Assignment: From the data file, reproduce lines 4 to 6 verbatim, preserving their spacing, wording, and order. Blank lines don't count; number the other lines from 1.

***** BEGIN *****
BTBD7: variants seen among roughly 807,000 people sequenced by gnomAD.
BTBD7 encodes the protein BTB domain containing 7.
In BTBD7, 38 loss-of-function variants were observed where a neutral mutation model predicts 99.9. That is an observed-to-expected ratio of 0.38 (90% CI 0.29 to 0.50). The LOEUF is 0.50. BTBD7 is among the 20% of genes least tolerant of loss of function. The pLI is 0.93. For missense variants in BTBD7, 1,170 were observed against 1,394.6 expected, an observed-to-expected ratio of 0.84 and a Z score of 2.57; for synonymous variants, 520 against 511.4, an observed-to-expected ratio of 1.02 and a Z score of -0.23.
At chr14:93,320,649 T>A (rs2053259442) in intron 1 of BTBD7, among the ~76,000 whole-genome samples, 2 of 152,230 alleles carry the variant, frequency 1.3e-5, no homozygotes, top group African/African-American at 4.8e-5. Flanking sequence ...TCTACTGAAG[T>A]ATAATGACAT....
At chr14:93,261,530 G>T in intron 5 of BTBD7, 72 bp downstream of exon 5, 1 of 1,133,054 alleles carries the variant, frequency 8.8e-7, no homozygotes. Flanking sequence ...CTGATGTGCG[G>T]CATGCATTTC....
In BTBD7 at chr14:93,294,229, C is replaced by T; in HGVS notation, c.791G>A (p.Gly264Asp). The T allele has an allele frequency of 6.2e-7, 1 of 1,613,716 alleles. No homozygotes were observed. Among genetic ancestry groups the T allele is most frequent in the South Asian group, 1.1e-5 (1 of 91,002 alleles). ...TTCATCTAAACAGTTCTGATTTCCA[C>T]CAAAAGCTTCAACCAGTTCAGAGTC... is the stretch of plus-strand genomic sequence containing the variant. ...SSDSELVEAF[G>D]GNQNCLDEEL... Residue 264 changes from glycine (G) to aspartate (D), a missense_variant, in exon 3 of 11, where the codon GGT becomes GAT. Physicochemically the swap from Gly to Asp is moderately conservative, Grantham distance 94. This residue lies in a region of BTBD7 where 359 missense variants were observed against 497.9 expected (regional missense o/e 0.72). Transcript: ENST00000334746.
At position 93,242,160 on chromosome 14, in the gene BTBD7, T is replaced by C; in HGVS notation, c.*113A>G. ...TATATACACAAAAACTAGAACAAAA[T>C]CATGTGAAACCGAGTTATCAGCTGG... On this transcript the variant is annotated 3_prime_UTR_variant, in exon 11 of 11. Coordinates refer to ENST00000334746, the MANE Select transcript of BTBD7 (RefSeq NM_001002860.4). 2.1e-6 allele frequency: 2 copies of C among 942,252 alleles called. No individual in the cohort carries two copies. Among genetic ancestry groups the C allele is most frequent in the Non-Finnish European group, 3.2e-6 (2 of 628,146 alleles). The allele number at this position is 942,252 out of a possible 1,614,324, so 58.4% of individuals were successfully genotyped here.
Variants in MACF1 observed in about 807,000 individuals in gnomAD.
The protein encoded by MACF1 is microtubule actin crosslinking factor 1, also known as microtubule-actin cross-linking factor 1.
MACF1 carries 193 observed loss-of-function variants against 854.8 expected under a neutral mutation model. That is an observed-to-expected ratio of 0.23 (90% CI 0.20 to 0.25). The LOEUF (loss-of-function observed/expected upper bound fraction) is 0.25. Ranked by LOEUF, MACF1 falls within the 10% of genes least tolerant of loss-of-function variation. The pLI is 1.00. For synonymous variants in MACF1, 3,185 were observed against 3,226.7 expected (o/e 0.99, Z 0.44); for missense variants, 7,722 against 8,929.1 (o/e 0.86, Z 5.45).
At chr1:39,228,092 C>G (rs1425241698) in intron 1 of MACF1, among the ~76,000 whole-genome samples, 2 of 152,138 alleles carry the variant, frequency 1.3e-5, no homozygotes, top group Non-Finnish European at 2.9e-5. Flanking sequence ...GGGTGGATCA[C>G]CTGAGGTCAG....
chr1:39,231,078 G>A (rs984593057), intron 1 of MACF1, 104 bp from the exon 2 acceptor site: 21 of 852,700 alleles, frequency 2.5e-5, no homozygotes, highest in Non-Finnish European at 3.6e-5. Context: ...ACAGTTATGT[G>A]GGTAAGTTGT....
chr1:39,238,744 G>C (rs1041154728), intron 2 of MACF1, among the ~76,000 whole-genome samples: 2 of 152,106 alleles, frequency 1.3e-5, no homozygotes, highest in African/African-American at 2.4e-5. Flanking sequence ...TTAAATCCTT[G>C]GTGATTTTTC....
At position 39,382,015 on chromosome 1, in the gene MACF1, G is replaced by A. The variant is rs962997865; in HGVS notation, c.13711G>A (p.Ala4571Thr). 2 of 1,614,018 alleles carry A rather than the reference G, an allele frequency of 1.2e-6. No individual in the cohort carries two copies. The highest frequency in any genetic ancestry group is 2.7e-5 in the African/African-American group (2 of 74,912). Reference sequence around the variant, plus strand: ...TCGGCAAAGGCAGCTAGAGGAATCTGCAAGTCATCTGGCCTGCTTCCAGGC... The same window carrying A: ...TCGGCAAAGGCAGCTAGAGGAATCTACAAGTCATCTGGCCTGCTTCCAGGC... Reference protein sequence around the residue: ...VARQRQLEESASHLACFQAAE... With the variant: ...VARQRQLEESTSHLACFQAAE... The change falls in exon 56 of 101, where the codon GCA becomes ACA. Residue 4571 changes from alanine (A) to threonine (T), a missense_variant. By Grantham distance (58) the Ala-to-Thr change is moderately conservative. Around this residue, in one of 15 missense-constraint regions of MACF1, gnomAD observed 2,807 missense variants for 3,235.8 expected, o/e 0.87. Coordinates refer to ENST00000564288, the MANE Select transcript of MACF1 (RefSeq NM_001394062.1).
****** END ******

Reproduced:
At chr14:93,320,649 T>A (rs2053259442) in intron 1 of BTBD7, among the ~76,000 whole-genome samples, 2 of 152,230 alleles carry the variant, frequency 1.3e-5, no homozygotes, top group African/African-American at 4.8e-5. Flanking sequence ...TCTACTGAAG[T>A]ATAATGACAT....
At chr14:93,261,530 G>T in intron 5 of BTBD7, 72 bp downstream of exon 5, 1 of 1,133,054 alleles carries the variant, frequency 8.8e-7, no homozygotes. Flanking sequence ...CTGATGTGCG[G>T]CATGCATTTC....
In BTBD7 at chr14:93,294,229, C is replaced by T; in HGVS notation, c.791G>A (p.Gly264Asp). The T allele has an allele frequency of 6.2e-7, 1 of 1,613,716 alleles. No homozygotes were observed. Among genetic ancestry groups the T allele is most frequent in the South Asian group, 1.1e-5 (1 of 91,002 alleles). ...TTCATCTAAACAGTTCTGATTTCCA[C>T]CAAAAGCTTCAACCAGTTCAGAGTC... is the stretch of plus-strand genomic sequence containing the variant. ...SSDSELVEAF[G>D]GNQNCLDEEL... Residue 264 changes from glycine (G) to aspartate (D), a missense_variant, in exon 3 of 11, where the codon GGT becomes GAT. Physicochemically the swap from Gly to Asp is moderately conservative, Grantham distance 94. This residue lies in a region of BTBD7 where 359 missense variants were observed against 497.9 expected (regional missense o/e 0.72). Transcript: ENST00000334746.